Amanda Scarpinati was just a little baby in 1977 when she rolled off a couch and fell onto a hot-steam humidifier. At just three months old, she suffered severe burns and was hospitalized after receiving multiple skin grafting surgeries.
Here is baby Amanda cradled by a kind nurse. Even though she was covered in burns and bandages, she seemed happy and safe in the nurse’s arms.
Her burns healed, but Amanda experienced a different hurt through years of bullying.
“Growing up as a child, disfigured by the burns, I was bullied and picked on, tormented,” she said.
“I’d look at those pictures and talk to her, even though I didn’t know who she was. I took comfort looking at this woman who seemed so sincere, caring for me.”
“You can feel the compassion and love she had for me,” she said.
She wanted to thank the nurse who lovingly cared for her and was a symbol of hope, but she didn’t even know her name. Amanda tried to track down the nurse 20 years ago, but with no luck. Just recently she decided to try again with the help of social media.
She posted the photos on Facebook and asked for help.
“Within 12 hours, it had gone viral with 5,000 shares across the country,” said Amanda.
Angela Leary, a fellow nurse who had worked with Amanda’s nurse at Albany Medical, recognized the pictures and contacted Amanda with the woman’s name: Susan Berger.
Nurse Susan remembered baby Amanda and the day the photo was taken. Susan was 21 years old, a recent graduate, and Amanda was one of her first patients.
“I remember her,” Susan said. “She was very peaceful. Usually when babies come out of surgery, they’re sleeping or crying. She was just so calm and trusting. It was amazing.”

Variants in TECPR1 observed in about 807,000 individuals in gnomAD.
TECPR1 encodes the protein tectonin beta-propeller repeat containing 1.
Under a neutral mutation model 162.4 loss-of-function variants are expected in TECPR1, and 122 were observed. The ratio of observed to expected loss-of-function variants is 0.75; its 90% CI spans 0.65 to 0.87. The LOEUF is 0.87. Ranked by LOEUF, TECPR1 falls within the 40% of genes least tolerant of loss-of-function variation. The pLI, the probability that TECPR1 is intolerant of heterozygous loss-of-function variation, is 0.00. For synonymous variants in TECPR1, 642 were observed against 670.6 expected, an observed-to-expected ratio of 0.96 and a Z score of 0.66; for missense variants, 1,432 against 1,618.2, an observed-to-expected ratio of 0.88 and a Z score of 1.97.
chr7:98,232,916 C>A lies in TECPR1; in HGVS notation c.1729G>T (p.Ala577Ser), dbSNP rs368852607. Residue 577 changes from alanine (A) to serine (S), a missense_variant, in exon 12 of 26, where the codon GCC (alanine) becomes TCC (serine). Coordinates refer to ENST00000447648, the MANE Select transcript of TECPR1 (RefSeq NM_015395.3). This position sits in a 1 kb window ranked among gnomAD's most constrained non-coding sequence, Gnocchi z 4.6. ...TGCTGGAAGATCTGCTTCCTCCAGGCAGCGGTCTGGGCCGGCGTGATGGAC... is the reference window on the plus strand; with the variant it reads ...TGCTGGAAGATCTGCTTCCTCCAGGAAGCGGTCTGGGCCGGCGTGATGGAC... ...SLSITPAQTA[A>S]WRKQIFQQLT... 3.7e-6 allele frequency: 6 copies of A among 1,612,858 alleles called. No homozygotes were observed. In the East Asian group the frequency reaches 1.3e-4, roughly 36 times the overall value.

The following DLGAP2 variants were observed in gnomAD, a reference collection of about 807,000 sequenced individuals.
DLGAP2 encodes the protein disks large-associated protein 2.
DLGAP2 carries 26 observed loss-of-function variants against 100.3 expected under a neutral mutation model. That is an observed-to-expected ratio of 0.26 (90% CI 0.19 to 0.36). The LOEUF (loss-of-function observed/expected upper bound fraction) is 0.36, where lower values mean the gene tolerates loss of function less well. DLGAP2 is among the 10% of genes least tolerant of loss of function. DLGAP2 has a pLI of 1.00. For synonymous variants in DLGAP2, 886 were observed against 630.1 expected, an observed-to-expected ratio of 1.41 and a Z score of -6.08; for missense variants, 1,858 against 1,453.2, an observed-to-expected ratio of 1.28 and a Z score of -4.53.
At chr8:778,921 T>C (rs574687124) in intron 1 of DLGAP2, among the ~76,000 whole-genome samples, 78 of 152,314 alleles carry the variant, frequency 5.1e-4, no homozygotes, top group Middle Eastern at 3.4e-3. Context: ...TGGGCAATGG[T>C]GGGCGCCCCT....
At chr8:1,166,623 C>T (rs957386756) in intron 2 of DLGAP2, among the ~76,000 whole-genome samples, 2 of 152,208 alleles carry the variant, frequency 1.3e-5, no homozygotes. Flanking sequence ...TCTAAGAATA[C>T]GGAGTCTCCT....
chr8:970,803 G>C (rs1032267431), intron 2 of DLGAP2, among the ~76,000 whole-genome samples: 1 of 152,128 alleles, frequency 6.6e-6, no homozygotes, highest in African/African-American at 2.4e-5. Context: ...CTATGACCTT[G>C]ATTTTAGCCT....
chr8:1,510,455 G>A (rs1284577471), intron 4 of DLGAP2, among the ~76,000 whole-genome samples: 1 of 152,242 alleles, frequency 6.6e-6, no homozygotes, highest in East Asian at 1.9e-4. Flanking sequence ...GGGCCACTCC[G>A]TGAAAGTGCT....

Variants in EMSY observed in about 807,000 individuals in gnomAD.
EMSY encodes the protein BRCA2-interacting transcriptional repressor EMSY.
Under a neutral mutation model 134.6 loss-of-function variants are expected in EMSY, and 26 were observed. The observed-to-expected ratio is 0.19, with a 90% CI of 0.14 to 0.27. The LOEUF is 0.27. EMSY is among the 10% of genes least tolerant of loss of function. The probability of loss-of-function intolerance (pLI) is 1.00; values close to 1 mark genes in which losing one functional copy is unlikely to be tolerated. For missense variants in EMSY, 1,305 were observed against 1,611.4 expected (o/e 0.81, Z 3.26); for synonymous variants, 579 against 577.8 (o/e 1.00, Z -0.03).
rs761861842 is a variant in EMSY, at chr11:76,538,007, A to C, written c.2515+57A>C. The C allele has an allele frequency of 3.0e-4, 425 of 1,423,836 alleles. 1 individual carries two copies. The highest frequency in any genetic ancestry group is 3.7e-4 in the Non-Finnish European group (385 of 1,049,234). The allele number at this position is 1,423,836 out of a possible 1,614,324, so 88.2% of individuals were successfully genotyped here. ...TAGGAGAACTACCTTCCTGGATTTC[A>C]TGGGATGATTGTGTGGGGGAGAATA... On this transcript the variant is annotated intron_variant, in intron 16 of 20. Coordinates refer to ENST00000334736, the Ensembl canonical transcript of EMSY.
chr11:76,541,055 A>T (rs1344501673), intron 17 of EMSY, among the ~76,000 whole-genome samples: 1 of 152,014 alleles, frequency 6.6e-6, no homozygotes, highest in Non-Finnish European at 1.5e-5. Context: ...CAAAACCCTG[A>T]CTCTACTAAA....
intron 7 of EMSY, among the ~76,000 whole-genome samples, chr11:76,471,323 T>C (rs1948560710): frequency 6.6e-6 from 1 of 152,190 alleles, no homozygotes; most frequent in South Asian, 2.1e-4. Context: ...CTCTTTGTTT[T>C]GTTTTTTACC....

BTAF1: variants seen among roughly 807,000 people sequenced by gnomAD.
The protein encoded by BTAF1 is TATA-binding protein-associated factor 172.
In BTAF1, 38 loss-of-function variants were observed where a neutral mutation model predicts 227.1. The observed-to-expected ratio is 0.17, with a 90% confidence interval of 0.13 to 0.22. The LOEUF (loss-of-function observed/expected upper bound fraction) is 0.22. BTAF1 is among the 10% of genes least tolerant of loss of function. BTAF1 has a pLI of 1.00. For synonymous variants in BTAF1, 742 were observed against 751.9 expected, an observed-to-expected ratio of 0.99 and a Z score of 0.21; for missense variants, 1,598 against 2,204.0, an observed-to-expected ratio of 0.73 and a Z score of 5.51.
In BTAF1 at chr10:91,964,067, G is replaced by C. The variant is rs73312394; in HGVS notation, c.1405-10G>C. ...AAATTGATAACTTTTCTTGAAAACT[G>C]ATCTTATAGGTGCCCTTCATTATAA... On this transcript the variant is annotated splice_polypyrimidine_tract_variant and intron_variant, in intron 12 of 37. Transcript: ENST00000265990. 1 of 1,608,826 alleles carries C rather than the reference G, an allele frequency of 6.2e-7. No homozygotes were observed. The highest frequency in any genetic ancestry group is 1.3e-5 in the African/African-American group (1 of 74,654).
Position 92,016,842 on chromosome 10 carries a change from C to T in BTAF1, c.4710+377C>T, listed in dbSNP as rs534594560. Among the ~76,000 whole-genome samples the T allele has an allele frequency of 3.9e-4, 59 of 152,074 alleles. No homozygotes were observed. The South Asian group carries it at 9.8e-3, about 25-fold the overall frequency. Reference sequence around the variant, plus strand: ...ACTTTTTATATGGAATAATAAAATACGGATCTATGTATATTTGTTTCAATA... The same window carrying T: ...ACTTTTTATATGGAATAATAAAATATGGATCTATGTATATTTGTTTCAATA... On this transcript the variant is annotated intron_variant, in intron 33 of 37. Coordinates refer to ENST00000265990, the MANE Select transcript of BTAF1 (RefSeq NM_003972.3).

Just last year, they met for the first time since 1977.
They cried and embraced.
“You’re real! Thank you!” exclaimed Amanda through tears.
“Thank YOU!” Susan responded.
“I’m over the moon to meet Sue…I never thought this day would come,” said Amanda.
Photo: Amanda Scarpinati
Both were blessed by the encounter.
“I don’t know how many nurses would be lucky enough to have something like this happen, to have someone remember you all that time,” said Susan. “I feel privileged to be the one to represent all the nurses who cared for her over the years.”
“[It’s] a great reminder at the end of my career to think back on all of the interactions I’ve had with patients, all the things that I’ve done,” she continued.
“Maybe put aside the hard work and the times it was so stressful and think about this. This is the best part,” she said.
At the emotional reunion, somebody questioned if this could be the beginning of a lifelong friendship.
“It already has been a lifelong friendship,” Amanda responded. “She just didn’t know.”